Password Security

UBC IT will never ask for your password - keep your password confidential and do not give it out. As a recommended practice, change your CWL password regularly at

To ensure further security of your CWL password, look for these visual cues when asked to type in your password.

Best Practices

Passwords are intended to ensure that only authorized individuals are permitted access to your computer system and your data.

They secure computers against potential assaults from the cybercriminals who break into systems and steal identities to commit crimes.

Passwords should be:

  • Kept confidential.
  • Never shared with anyone, or used in plain sight of others.
  • Committed to memory and never be written down. (See Password Management)
  • Changed frequently (at least every 3-6 months).
  • Never used for more than one system.
  • Unique for each system you log into.

Additional advice:

  • Always change the initial password assigned to you by any system.
  • If you suspect someone else knows your password, change it immediately.
  • Put password protection on files containing sensitive data or information downloaded from a University database.
  • Passwords used as a key to encrypt personally identifiable information (PII) must be a minimum of 8 characters in length and include upper case, lower case, numbers and symbols.

Creating Strong Passwords

Weak Codes: Welcome, Hackers

Weak passwords make it easy for someone to gain access to your computer and to the information resources which you have access to. Weak passwords are:

  • A blank instead of a password
  • A common name, such as your name or the name of a family member or pet
  • Words from the dictionary -- whether spelled forward, reversed, pluralized or with any or all of its letters capitalized
  • Pop culture words (e.g. Eminem or hacker) or commonly used references (e.g. John316 or 23Psalm)
  • Trivial word (e.g. sex, password, secret, computer)
  • Geographic place (e.g. Vancouver or Wreck Beach)
  • Common abbreviations (e.g. QWERTY or RSVP)
  • Your User ID or any part thereof -- in any sequence
  • Your address or relative's address
  • All numerals (e.g. birth dates, anniversaries, phone numbers, license plate numbers, Social Insurance number)
  • Words proceeded or followed by a number, punctuation mark, directional arrow or space
  • Words or phrases with all or some of the vowels or white spaces deleted
  • Repeating characters or number patterns (e.g.aaa12345 or 9876bbb)
  • Old passwords with one or two characters changed

Strong Codes: Good Locks

For your passwords to function as strong locks, the codes you devise need to be difficult for hackers to figure out.

Secure passwords should be a minimum of 8 characters in length and contain upper case, lower case, numbers and symbols. Avoid the obvious and the predictable. Start with something only you would know and will remember. Use the following techniques to make secure passwords:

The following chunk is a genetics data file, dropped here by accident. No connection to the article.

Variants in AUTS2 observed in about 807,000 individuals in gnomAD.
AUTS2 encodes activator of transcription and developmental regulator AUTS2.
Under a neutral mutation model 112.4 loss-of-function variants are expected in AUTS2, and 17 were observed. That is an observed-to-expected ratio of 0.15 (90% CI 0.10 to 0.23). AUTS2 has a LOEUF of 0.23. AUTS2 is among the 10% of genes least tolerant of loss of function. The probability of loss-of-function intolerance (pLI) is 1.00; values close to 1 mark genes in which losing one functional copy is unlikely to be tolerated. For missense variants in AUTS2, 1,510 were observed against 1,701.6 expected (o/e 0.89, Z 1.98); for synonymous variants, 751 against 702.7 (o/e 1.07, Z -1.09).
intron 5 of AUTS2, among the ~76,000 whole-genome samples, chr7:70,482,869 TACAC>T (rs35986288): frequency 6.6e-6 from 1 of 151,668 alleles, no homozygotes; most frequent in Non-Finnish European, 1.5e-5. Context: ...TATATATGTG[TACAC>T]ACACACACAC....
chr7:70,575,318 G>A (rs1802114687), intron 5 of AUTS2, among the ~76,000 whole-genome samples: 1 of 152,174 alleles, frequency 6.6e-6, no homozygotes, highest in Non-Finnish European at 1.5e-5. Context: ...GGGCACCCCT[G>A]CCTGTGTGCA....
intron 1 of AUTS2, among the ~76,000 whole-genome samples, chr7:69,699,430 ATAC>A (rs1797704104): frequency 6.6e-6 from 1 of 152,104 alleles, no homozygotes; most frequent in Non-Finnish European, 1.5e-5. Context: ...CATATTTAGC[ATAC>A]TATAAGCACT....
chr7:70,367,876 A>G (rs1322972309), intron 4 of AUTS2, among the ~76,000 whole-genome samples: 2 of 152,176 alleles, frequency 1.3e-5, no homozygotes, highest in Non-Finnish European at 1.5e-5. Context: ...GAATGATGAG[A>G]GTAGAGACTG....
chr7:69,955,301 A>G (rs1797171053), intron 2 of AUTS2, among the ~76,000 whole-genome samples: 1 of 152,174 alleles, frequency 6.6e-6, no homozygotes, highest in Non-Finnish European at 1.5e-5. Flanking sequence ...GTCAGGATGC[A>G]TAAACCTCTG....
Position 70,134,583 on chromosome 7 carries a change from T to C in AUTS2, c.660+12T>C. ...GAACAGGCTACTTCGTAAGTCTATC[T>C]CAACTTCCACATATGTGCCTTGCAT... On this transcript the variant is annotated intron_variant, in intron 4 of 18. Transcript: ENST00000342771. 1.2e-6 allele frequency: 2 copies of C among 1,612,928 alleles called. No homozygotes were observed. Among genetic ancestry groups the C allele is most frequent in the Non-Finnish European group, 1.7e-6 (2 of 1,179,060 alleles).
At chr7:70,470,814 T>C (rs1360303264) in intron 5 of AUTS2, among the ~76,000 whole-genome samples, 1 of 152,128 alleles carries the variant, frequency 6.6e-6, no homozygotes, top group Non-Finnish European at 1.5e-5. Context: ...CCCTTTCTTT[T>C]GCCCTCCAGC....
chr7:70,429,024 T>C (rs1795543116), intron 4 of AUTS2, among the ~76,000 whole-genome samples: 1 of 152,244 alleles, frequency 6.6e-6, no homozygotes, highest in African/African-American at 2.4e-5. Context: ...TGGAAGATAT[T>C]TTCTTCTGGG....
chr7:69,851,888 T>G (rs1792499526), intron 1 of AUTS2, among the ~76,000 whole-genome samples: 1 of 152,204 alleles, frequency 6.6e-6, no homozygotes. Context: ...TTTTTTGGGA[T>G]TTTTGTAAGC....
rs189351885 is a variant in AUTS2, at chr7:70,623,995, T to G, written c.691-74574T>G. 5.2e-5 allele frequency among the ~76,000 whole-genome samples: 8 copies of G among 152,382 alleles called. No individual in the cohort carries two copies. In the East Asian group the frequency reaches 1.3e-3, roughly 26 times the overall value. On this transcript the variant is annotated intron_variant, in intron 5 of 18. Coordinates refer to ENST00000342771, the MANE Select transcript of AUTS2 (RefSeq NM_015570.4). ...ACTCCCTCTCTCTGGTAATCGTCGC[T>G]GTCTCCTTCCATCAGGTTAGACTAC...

• Use the first letters of words in an easily memorized sentence or phrase
    • e.g., ahahmkfah ( A horse, a horse, my kingdom for a horse)
  • Use random combinations of alphabetic characters, numbers and special characters (e.g. #, $,*) with at least one numeric or special character separating at least two alphabetic characters
    • e.g., $ljb1#sa
  • Mix upper case and lower case letters
    • e.g., M9%otD&
  • Use misspelled words as your base
    • e.g., DemoKrasee
  • Use numbers that look like the letters for which they substitute
    • e.g., Su65titute (where "6" replaces the alphabetic "b" , and 5 replaces the alphabetic s in substitute )
  • Use numbers and letters that create a sentence
    • e.g., 4warned_4armed ( Forewarned is for forearmed )
  • Insert silent characters into words or double words
    • e.g., choc9ola7te

Password Management

For the sake of convenience, many people who put strong locks on their front door often still hide a spare key under the doormat.

Likewise, many people who have difficulty remembering their passwords often opt for the equivalent of the key under the doormat strategy by:

  • Formulating weak passwords that are easy to crack;
  • Hiding their passwords in obvious and accessible places where anyone could easily find them, such as taped to the bottom of their keyboard or adjacent desk drawer; or,
  • Never changing their passwords because devising and remembering new passwords is too much trouble.

Ideally, you should commit your passwords to memory; but if you find this difficult, here are two practical suggestions:

  • Consider installing an application such as KeePass, Pretty Good Privacy (PGP) or GNU Privacy Guard (GnuPG) which secures your list of passwords with a common password.
  • As a last resort, write down your passwords, put them in a sealed envelope and hide it where only you know where to find it.

Change your Password

Follow the link below to reset your CWL password: